Despite China having already developed its own fifth generation fighter for its People’s Liberation Army (PLA) Air Force – the first country other than the United States to do so – the Russian state conglomerate for arms exports Rostec has indicated it is highly optimistic that the PLA could be a leading client for its own next generation platform.
The director for international cooperation and regional policy Viktor Kladov stated in regards to a potential Chinese acquisition: “China has recently taken delivery of 24 Su-35 aircraft, and in the next two years will make a decision to either procure additional Su-35s, build the Su-35 within China, or to buy a fifth-generation fighter aircraft. This could be another opportunity for the Su-57E.”
While further exports of the Su-35 are highly unlikely given the capabilities of the China’s indigenous J-11D, its own analogue which is in many ways superior, an assessment of the capabilities of the more advanced Su-57 indicates that it could fill a complementary role to the indigenous J-20 – integrating many advanced technologies which are unique to the design and which currently serving Chinese jets lack.
These include three dimensional thrust vectoring systems in their most advanced form yet, a large ten-missile internal weapons payload, the ability to blind infrared guided missiles with unique Directional Infrared Countermeasures Systems, and access to a number of specialised munitions including the K-77 and R-37M long range air-to-air missiles, Drel guided stealth bombs and Kh-47M2 hypersonic ballistic missiles among others.
China’s Navy’ in particular could have a strong interest in a maritime strike variant of the Su-57, with the aircraft’s high endurance and compatibility with long range ship hunting hypersonic ballistic missiles providing a unique combination. With China’s J-20 poorly suited to carrier operations, a navalised Su-57 reportedly currently under development could also seriously enhance the capabilities of future Chinese carrier air wings – a more capable alternative to enhanced ‘4++ generation’ variants of the J-15.
Offers of technology transfers to China’s own defence sector should it purchase the Su-57, with technologies such as the Directional Infrared Countermeasures Systems and Kh-37M missiles potentially of high value if integrated onto Chinese jets such as the J-31. Chinese acquisition of the Su-57 thus remains a considerable possibility.
The first party to show interest in the Su-57, India entered into the joint Fifth Generation Fighter Aircraft (FGFA) in 2007 to develop a variant of the fighter specialised to suit its defence needs – which would integrate a number of indigenous technologies developed by Hindustan Aeronautics Ltd (HAL).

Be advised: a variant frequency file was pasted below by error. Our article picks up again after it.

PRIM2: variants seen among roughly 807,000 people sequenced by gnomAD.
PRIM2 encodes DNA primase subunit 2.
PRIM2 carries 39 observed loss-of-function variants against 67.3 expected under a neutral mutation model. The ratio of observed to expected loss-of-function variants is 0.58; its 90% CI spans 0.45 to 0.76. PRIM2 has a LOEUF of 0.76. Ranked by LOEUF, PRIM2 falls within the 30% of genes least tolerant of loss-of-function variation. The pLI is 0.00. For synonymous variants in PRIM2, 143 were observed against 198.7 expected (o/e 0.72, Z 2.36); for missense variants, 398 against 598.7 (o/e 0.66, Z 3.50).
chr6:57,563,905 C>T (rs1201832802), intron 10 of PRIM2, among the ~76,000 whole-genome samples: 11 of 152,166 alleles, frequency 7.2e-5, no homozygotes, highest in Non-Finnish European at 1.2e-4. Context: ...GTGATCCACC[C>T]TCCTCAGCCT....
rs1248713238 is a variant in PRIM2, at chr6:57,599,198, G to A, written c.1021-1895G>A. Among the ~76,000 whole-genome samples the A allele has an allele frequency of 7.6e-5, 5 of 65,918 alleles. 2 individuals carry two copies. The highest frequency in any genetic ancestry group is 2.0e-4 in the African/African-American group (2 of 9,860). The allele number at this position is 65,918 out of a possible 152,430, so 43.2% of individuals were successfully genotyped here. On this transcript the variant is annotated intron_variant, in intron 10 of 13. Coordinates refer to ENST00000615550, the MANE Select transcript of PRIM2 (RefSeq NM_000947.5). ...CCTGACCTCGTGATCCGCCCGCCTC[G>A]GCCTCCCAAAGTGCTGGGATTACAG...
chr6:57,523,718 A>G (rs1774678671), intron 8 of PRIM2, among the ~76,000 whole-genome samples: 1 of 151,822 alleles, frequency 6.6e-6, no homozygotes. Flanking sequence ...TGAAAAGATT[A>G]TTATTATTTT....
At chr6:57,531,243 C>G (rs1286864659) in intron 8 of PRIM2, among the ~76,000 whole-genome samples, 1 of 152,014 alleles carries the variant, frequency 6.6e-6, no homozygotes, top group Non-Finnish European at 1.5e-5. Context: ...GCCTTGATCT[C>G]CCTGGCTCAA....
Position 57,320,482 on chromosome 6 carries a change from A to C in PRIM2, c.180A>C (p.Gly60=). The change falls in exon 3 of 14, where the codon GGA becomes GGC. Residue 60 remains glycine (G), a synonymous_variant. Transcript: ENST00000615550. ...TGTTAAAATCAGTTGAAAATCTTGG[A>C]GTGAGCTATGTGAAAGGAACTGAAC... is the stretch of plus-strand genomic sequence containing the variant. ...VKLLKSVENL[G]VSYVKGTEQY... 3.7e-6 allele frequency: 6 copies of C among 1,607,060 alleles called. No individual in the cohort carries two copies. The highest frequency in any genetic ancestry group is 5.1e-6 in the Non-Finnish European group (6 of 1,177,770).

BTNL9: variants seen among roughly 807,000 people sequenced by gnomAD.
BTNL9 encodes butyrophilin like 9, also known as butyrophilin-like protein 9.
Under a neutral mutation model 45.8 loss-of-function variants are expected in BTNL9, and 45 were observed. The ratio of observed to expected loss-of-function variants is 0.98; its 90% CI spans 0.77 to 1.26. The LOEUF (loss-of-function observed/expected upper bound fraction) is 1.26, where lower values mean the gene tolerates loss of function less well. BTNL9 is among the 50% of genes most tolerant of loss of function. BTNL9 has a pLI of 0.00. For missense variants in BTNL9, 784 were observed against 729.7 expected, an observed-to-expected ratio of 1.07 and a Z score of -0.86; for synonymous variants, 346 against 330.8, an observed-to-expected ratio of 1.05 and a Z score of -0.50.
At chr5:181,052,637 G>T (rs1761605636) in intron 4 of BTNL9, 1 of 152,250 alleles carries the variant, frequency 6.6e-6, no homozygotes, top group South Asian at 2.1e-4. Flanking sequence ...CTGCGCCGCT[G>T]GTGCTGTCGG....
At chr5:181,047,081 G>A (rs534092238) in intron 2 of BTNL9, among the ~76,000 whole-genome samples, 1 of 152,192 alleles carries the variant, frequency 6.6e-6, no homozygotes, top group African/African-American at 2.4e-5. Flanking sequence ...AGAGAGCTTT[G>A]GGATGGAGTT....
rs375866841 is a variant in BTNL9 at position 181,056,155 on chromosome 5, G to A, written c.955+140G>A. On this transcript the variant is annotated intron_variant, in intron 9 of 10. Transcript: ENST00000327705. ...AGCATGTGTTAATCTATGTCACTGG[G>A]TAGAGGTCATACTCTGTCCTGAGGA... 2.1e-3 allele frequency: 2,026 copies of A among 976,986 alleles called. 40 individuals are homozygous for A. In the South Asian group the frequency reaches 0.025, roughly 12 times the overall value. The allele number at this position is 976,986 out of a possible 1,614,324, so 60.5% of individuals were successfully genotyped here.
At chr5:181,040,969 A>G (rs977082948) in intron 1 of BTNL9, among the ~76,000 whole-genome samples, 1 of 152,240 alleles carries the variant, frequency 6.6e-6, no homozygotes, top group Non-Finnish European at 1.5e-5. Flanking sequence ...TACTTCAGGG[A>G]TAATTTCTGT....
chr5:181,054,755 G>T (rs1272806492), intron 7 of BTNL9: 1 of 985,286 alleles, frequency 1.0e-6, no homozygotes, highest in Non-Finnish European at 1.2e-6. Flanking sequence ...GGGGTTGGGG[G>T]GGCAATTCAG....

While it was reported by the Economic Times of India that the country had left the FGFA program in 2018 – a report widely picked up by a wide range of Western sources which claimed this represented the final nail in the coffin of Russia’s next generation fighter ambitions – the report was later refuted by Indian officials who stated that FGFA was still ongoing. With negotiations reportedly stalling however, the possibility has also been raised that the Indian Air Force could purchase the Su-57 from Russia directly without joint development and without the complex requirements for indigenous technologies.
India remains highly likely to acquire the Su-57, most probably in considerable numbers, though whether this will be in the form of the FGFA joint program or a simpler purchase remains to be seen. India has been a leading client for all major Russian and Soviet fighter designs since the early 1960s, from the MIG-21, MiG-23 and MiG-25 to the MiG-29 and Su-30MKI among others.
Russian fighters currently form the backbone of India’s Air Force with plans to deploy over 300 of the Su-30MKI – India’s most advanced fighter to date. With the fifth generation fleet of neighbouring China fast growing, and with neighbouring Pakistan likely to acquire its first fifth generation fighters in the 2020s – albeit lightweight single engine platforms developed with China under Project AZM, the Su-57 will provide India with a significant capability advantage over its neighbours.
Much like the highly versatile Su-30MKI today, used in roles from bombing to ship hunting, AWACS hunting and air superiority, the Su-57 will be able to excel in a number of roles required by the Indian Air Force including delivery of hypersonic nuclear ballistic missiles, air superiority and penetration of enemy air defences – with a large acquisition set to bring about a major shift in the balance of power in the air
Source: Defence View